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Ukrainian interest. Long-awaited visa-free travel, Baltic vector and inconsistent Trump

18:40, 09 April 2017
2 min. 970

The EP's decision on visa liberalization for Ukraine has positive consequences for millions of Ukrainians. The prime ministers of the Baltic States during their Kyiv visit actively demonstrated they understood Ukrainian problems. Donald Trump has created unexpected challenges for the Russian leadership. The Normandy Four is increasingly turning into a phone talks format for several “Threes.”

521 MEPs on Thursday supported visa liberalization for Ukraine. Against the decision were only the right-wing and left-wing radicals who don’t even find it necessary to hide their ties with the Kremlin anymore. Ukraine has yet to see two more formal votes so that millions of holders of a biometric passport with a trident on its cover had the opportunity to enjoy their visa-free travel across the European Union. However, no visa-free employment or studying will be allowed for Ukrainians in the EU within the framework of visa liberalization. Corresponding visas will still have to be obtained.

It is interesting to note that the EP decision which the Ukrainian authorities met with some overexcitement also found its reflection in Russian propaganda, whose talking heads are now sowing the ideas that there will be no one who will choose to stay in Ukraine, or that the Ukrainian guest workers in Europe will face the toughest jobs possible. Apparently, the masterminds behind these spin messages are simply unaware of the latest history of Ukrainian migrant workers, many of whom had successfully bypassed any visa restrictions and already returned from their mostly illegal working trips to the countries of Southern Europe.

Kyiv Security Forum, organized by former Prime Minister Arseniy Yatsenyuk, was a good occasion for discussing pressing foreign policy issues. Analysts, experts as well as legislators from Western countries and three prime ministers of the Baltic states, who understand Ukrainian problems better than many others in the EU, came for a two-day visit to Kyiv to attend at the Forum. Petro Poroshenko this week paid visits to Latvia and Denmark following a recent trip to Estonia and Sweden. This voyage is seen as a conscious step toward strengthening the northern vector of Ukrainian foreign policy. Ukraine’s top officials no longer hesitate to remind Europe that it is the Ukrainian military that today protect the Old World's values from the Russian armed invasion, although Ukraine is not able to completely cover up all directions of hybrid aggression.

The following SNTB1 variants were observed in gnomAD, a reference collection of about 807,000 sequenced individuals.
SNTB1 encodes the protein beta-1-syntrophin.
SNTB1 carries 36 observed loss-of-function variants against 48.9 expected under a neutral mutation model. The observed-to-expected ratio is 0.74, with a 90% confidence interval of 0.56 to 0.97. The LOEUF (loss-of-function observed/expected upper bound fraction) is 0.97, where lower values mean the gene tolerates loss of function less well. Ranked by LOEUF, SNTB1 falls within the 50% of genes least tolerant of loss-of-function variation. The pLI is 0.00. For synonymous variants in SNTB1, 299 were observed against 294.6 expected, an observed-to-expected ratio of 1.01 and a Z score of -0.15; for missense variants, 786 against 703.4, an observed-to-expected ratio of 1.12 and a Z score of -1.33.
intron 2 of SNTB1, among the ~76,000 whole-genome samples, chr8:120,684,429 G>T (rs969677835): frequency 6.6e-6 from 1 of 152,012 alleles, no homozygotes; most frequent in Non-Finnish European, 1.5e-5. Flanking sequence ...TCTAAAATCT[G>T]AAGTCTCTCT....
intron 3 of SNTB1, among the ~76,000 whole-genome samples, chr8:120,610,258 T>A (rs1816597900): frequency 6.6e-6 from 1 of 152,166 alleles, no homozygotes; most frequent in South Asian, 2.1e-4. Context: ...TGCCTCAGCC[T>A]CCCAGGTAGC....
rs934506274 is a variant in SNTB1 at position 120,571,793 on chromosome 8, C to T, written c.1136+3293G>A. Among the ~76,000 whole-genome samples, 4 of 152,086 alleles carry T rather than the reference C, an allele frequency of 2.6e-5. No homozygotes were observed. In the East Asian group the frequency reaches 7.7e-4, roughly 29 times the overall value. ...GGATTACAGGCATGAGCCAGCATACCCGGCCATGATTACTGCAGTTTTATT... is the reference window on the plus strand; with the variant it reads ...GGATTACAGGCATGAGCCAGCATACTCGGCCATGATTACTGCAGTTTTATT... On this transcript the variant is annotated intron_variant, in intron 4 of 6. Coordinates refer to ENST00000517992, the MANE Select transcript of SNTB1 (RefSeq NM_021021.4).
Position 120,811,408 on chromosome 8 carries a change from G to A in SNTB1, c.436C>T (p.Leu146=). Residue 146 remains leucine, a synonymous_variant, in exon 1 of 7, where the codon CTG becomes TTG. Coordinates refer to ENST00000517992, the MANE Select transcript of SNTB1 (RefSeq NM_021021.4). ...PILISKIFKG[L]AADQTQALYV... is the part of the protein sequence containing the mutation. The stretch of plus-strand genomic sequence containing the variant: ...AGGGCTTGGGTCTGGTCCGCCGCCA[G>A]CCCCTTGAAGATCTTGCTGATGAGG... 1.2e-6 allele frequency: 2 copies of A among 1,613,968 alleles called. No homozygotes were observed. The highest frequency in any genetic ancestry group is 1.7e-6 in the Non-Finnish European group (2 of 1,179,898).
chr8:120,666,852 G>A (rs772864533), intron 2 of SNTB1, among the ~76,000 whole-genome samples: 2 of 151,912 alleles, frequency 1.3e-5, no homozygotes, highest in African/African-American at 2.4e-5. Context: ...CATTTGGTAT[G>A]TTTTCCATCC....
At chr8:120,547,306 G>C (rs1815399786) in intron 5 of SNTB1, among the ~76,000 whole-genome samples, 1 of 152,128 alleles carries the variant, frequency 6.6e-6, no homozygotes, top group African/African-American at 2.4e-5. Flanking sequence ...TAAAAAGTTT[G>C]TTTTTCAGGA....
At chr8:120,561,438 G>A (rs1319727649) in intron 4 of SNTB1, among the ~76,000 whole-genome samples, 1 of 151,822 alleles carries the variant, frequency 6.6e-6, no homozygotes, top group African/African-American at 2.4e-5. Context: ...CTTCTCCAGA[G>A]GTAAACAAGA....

The tragic events in Syria (the use of chemical weapons by government forces in the province of Idlib) saw some unexpected developments. Donald Trump, who used to campaign for reducing U.S. interference in other states’ affairs, personally sanctioned a Tomahawk strike on Shayrat air base, from where warplanes carrying chemical bombs had taken off. This step not only became a surprise for many observers but also an unpleasant surprise for Russia, whose leadership had nurtured hopes of finding common language with the 45th U.S. president. It is interesting to note that the missile strike was made during the U.S. visit of Chinese President Xi Jinping.


Not only will Russia have to seek an answer to new Middle Eastern realities, trying to keep a good face in a bad game, it will also have to fight for its own influence on global events. Many linked the explosion in the St. Petersburg subway to the logic of Vladimir Putin's actions, who is now preparing for another re-election. Meanwhile, it was the Islamic State who claimed responsibility for the attack on policemen in Astrakhan and the explosion of an IED disguised as a flashlight in Rostov. Russians are rapidly losing the sense of security necessary to ensure stability.

The ability of the U.S. to participate in the peaceful settlement of the Donbas conflict remains quite an intrigue for Ukraine. Although Minsk hosted a meeting behind closed doors of the aides to the Normandy Four leaders, the leaders themselves mostly communicate over the phone, in a trilateral mode. For example, Petro Poroshenko, told Angela Merkel and Francois Hollande about a new escalation of the conflict in the Donbas, while Vladimir Putin called for the lifting of the transport blockade of the occupied Donbas. Both the tone and the content of the latest conversations do not allow us to suggest a breakthrough in the settlement anytime soon.

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